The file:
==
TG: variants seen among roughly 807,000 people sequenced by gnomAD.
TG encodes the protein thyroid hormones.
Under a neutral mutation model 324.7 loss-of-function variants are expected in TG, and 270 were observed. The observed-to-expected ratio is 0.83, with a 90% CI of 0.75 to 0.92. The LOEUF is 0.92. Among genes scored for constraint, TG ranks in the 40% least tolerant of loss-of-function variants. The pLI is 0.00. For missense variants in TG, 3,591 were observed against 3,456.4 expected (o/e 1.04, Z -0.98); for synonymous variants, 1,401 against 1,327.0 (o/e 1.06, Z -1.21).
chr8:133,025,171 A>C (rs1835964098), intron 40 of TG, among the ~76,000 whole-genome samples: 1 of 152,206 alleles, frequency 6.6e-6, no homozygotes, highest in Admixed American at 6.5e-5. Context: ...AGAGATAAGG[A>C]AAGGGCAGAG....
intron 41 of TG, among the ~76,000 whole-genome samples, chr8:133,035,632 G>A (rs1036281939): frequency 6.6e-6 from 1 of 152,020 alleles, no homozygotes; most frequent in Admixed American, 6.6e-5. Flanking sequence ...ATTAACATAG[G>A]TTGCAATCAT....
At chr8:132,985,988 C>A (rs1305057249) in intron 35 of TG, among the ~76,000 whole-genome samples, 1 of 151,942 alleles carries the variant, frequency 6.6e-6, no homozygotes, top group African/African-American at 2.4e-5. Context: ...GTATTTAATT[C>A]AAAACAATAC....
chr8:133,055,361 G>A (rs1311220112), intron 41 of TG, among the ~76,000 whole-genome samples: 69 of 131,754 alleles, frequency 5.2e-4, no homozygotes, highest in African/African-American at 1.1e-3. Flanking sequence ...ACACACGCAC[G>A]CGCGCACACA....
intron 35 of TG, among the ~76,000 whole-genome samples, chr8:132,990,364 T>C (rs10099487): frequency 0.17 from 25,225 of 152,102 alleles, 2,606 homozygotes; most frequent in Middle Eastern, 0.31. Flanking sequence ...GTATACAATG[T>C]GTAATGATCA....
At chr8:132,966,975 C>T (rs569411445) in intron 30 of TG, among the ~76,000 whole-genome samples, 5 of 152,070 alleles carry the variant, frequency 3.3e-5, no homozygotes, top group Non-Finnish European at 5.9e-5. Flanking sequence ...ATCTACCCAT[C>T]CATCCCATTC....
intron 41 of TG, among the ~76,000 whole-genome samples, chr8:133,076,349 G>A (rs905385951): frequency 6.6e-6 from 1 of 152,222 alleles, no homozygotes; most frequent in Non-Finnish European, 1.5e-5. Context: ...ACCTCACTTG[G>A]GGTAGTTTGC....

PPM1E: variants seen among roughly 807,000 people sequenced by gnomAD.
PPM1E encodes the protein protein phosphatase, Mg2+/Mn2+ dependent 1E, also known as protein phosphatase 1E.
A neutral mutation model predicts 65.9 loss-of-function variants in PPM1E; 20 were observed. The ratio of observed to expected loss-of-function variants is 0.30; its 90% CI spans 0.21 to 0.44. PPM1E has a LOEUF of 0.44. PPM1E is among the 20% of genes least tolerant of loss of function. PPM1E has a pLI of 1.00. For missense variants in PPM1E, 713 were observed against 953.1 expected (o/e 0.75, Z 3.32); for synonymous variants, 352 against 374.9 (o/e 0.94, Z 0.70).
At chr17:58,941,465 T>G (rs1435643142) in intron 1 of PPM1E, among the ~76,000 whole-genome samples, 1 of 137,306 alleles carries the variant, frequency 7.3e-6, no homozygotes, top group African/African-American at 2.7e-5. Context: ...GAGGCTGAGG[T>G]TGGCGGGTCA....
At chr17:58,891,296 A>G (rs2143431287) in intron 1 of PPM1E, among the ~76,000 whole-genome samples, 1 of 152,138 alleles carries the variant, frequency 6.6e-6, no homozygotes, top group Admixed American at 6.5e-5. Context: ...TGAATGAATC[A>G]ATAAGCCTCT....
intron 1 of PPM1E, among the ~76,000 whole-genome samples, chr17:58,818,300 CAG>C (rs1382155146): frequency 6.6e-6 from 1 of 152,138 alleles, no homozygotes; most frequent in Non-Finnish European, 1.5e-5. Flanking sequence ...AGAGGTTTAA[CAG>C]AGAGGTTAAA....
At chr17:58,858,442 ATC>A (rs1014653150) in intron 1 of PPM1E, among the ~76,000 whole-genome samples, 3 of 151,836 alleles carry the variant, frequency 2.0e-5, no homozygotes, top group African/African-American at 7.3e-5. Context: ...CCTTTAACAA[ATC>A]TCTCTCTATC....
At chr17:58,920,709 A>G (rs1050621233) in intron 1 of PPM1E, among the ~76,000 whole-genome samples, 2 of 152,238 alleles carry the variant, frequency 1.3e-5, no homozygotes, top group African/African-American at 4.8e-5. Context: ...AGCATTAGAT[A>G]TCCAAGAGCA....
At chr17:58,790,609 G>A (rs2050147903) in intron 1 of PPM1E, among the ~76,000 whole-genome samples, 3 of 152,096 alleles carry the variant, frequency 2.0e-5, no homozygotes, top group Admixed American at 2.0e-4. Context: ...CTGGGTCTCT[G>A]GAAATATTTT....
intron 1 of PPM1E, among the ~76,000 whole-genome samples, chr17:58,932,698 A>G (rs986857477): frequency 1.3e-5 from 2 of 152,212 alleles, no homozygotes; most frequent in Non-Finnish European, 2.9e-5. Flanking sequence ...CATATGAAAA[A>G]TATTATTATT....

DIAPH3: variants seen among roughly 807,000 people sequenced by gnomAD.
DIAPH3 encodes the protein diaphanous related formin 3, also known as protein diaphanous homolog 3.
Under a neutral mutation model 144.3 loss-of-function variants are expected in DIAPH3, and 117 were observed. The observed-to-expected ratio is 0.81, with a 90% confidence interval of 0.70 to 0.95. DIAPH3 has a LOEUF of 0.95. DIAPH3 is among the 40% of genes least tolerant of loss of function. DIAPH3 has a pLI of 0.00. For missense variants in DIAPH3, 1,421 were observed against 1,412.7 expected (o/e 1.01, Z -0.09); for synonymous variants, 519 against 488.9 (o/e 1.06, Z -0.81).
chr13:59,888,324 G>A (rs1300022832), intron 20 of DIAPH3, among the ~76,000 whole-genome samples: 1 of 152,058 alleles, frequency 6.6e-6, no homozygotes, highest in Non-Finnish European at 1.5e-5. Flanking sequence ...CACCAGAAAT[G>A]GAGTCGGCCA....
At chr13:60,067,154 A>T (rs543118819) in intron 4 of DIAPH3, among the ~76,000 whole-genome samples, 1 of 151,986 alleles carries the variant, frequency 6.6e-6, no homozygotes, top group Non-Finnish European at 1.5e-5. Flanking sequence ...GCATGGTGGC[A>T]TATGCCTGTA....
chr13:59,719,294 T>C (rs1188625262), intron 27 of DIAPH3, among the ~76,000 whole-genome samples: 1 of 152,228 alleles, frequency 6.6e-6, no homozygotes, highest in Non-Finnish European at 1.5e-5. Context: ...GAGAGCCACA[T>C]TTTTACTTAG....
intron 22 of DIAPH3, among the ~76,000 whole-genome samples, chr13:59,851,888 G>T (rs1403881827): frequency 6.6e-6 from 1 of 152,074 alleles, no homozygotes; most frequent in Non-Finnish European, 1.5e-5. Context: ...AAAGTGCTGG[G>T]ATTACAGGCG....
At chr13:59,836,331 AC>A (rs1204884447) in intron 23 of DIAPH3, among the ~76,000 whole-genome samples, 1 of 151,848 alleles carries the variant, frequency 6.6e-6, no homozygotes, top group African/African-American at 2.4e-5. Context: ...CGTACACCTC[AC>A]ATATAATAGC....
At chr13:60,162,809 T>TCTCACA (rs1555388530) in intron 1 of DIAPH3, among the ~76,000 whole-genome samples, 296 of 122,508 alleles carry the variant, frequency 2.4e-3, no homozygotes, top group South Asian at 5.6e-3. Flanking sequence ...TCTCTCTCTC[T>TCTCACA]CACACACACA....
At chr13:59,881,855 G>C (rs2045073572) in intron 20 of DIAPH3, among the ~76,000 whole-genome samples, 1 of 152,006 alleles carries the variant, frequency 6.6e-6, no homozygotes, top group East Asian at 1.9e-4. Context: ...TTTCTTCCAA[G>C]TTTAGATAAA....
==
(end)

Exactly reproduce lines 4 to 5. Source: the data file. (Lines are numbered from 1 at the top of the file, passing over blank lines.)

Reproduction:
chr8:133,025,171 A>C (rs1835964098), intron 40 of TG, among the ~76,000 whole-genome samples: 1 of 152,206 alleles, frequency 6.6e-6, no homozygotes, highest in Admixed American at 6.5e-5. Context: ...AGAGATAAGG[A>C]AAGGGCAGAG....
intron 41 of TG, among the ~76,000 whole-genome samples, chr8:133,035,632 G>A (rs1036281939): frequency 6.6e-6 from 1 of 152,020 alleles, no homozygotes; most frequent in Admixed American, 6.6e-5. Flanking sequence ...ATTAACATAG[G>A]TTGCAATCAT....